I fought it a bit, this notion I needed to step away.
Bloggers drop like Rockies relief pitchers. We’re too busy. Life gets in the way. Motivation runs dry. Thus, the walkabout.
I have 215 Go Ask Daddy questions to answer and 23 idea prompts in the hopper. I have guest posts scheduled deep into spring 2015 and 6 Words posts every month. Busy, yes, but it’s because this blog has taken on a life of its own. And it’s not a bad one.
Life gets in the way, but it often ends up in posts.
Motivation rarely runs dry. It’ll get a little parched by lack of sleep, but it stays pliable.
I stepped away for a week simply because I didn’t like the way my own light shone today as compared to a year ago. Even if I took into consideration expected wear and tear, there shouldn’t have been this dulling. There shouldn’t have been this aging. Things shouldn’t have depreciated in value this much.
I sought to find that shine again, and found myself doing everything. I dropped. I failed. I fought. I swung. I focused. I stewed. I reasoned. I listened. I saw clarity in murky answers. I learned. I lost a little. I won more. I smiled, but I also scowled.
I rowed, for hours and hours. A gave the power behind a canoe while I let the girls who mean the most to me in this life steer. I saw what they saw. I saw them seeing what they saw. And I saw so much more. I heard less. And I loved it more.
“You can have Zen for only so long,” Yoga Jones said on “Orange is the New Black” once.
“After a while, you have to feel something.”
I’m the coach who doesn’t call out the referee. I rarely toss my clipboard. I’m that happy-go-lucky dude who says, “It’s OK!” when I’m slighted. I won’t pick a fight with the other coach. I’ll stand my ground. But standing your ground sometimes isn’t enough. Sometimes, you have to stand up and stare down.
You have to believe in who you are and what you do. Pull down your cap, cross your arms, and stand and deliver.
You have to admit your wrong and stand up for your right and dig in and show what you’ve got. You can’t stop being who you are, but you can better recognize the moment for defiance, and the moment for compassion.
So much happened here last week, and I intended to comment. I told the wonderful women who stepped up for me to consider themselves hosts on my radio show. It was theirs to run. Maybe I’d check in and leave a comment or two.
But, I didn’t. I didn’t really comment on other blogs, either. I checked out. It allowed me to appreciate the love and effort Sandy, Janine and Tamara put in. How bloggers busy as any I know wouldn’t just show up, but would show up as if it was their own space, their own readers, their own love.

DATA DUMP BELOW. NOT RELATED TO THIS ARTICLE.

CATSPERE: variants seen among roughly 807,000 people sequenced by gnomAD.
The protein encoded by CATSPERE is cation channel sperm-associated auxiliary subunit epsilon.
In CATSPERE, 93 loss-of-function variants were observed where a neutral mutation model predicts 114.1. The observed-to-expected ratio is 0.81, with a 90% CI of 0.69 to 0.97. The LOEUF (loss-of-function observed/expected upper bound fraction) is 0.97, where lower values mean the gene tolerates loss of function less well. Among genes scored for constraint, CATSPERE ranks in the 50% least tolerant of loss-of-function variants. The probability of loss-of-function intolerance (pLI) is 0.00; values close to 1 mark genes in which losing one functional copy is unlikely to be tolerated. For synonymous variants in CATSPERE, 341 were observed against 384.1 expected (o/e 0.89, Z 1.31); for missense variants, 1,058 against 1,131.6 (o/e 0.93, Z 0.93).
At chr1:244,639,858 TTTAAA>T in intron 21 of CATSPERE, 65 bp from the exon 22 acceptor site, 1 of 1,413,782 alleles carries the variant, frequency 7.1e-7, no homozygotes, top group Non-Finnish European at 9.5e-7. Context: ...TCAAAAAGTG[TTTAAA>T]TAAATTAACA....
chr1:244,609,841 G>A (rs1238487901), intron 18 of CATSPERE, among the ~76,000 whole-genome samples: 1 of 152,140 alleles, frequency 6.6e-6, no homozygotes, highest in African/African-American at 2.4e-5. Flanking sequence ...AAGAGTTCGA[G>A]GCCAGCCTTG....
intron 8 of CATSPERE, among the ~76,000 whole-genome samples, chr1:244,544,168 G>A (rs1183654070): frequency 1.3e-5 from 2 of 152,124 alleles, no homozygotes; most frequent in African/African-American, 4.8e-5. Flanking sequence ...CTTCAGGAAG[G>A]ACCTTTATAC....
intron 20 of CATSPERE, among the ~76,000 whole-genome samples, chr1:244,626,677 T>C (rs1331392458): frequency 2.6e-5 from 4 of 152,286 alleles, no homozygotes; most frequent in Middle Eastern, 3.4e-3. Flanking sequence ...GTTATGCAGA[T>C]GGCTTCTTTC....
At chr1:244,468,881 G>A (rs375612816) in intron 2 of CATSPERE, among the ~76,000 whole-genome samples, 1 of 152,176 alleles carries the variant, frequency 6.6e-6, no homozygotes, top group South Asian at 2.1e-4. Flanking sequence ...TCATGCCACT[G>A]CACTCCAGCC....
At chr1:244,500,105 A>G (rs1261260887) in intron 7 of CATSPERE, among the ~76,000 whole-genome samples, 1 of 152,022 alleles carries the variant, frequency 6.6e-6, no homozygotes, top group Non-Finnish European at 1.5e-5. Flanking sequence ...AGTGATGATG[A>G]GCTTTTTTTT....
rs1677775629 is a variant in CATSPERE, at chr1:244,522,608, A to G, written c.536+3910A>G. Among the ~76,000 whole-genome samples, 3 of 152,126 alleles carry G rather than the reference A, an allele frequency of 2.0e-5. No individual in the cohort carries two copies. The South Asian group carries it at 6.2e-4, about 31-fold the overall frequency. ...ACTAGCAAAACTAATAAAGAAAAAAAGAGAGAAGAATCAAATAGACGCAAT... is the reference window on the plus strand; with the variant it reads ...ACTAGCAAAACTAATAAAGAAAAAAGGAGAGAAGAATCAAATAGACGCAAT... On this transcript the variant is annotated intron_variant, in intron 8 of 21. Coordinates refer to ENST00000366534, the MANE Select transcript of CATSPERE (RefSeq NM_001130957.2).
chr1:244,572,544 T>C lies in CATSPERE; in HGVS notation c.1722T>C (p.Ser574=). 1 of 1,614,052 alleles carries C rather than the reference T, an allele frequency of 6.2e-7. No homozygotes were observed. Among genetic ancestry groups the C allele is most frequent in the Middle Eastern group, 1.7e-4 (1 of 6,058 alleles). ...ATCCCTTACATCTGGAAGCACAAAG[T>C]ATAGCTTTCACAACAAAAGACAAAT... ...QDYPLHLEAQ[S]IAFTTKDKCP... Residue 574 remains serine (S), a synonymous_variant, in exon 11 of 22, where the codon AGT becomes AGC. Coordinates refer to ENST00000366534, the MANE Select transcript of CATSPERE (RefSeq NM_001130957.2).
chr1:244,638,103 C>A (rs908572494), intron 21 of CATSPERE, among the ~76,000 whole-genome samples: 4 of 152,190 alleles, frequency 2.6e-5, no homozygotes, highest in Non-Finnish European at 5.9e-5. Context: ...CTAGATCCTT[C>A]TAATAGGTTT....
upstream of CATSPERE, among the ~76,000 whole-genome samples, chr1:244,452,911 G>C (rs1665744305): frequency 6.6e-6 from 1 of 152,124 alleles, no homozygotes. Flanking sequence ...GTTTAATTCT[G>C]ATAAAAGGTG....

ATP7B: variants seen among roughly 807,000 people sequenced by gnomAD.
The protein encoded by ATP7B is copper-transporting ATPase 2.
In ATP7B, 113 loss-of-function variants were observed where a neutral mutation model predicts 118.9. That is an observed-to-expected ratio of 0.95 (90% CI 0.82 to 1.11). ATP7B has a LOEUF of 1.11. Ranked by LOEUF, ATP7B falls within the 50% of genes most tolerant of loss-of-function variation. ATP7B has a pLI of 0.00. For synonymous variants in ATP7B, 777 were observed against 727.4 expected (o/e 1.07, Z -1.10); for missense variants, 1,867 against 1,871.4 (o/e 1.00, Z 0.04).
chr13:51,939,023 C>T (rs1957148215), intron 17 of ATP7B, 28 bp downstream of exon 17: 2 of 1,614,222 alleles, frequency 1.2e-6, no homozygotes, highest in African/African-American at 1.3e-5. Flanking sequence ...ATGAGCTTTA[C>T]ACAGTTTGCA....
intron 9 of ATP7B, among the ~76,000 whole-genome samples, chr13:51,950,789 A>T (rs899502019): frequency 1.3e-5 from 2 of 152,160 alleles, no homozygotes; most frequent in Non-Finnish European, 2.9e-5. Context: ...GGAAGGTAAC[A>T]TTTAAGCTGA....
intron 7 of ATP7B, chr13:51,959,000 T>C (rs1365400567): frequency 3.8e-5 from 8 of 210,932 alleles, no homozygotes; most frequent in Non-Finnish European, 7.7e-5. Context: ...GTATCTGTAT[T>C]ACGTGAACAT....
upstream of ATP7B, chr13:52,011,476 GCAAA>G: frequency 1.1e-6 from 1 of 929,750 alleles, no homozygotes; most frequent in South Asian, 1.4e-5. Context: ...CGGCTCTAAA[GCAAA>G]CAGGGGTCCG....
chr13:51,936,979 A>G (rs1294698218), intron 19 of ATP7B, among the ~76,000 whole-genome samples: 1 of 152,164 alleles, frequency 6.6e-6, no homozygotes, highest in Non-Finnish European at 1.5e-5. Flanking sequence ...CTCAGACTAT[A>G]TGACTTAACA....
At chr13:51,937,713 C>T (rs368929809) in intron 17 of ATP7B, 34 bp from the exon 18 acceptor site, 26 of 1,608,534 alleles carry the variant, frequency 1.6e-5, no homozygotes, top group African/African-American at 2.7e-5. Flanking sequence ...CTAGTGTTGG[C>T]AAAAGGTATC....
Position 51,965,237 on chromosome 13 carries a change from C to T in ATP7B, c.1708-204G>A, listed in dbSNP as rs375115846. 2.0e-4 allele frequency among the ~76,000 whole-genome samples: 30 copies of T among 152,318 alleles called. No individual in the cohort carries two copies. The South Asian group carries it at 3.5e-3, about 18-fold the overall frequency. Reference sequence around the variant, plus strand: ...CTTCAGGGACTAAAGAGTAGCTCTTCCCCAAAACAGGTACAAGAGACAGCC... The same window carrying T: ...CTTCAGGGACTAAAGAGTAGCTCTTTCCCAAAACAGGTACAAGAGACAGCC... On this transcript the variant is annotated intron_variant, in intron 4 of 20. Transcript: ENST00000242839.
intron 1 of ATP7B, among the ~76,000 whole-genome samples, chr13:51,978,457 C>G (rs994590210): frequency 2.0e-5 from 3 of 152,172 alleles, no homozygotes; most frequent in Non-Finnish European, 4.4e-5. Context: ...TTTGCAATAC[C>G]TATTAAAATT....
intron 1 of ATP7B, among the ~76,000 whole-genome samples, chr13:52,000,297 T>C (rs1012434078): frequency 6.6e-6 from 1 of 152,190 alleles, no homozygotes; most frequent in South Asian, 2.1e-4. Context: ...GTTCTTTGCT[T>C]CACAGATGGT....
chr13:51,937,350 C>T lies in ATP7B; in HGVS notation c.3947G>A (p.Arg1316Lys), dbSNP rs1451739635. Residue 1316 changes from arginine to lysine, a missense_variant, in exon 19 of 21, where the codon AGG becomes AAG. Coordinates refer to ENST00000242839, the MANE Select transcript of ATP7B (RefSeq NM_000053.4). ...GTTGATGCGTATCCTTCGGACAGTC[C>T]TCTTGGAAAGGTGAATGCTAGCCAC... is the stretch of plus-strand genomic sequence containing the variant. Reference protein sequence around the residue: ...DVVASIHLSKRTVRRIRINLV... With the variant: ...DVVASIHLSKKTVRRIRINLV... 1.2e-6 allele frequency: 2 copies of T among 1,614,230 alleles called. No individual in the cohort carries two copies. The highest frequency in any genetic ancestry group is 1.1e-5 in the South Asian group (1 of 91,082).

I tried to express the gratitude I felt not only in their attention, but the quality of posts and engagement. I failed miserably most likely at expressing it! Not because I’m lousy at it – because they were incredible.
And Robin Williams …
I was misfit who had to attend PEAK once a week (a program for ‘gifted’ kids) and felt like the pot without a lid most of his life. To watch Robin Williams make goofy a trait you wanted your friends to have … that meant the world.
It meant, somehow, there was some hope for us. Hope for the goofy, the off-the-wall thinkers. Hope for the kids who kept a foot in the margins and a foot in the mainstream and wondered which way the wind would blow.
We heard excerpts of his work and hilarious interviews in the wake of his suicide. It brought to light just how contradictory life on this earth can be. The man who made us laugh so hard on the outside was sad beyond repair on the inside.
If only we could see both in a person.
Lastly, I found light in a familiar place – the soccer field.
Bethany is one half of two twins pairs on my team. Soft-spoken, hard worker. She stopped a shot – with her stomach. She walked toward me slowly, and I asked if she was ok. She nodded ‘no.’
The wind wasn’t knocked out of her, but she said, ‘it hurts so bad!”
I told her she could sit out. And she said, “I just want to stay here with you,” and put her head on my shoulder and cried! “I don’t want them to see me cry!” I told her she had nothing to be ashamed about, that tears don’t take a bit away from toughness.
I told her to stay as long as she needed.
Then I said, “I’m glad it didn’t hit you in the face. It would be no fun to have to help you find your teeth in the grass.” She laughed, wiped her tears, and said, “Thanks, coach.”
The light is back. I found it in struggle and support. I found it in loss and love. I found it in paddle strokes and NPR interviews and the rhetoric as a coach I’ve missed so much. It’s where tactical meets goofy, where inspiration meets compassion.
It’s where there’s caution and hope, and always a little more hope.
And I found it in the space my blog left in me. Not because of what I write – but because of what you do. Whether it’s in your comments or email or 6 Words or when I give you access to this stew pot and you make it your own and make it like me.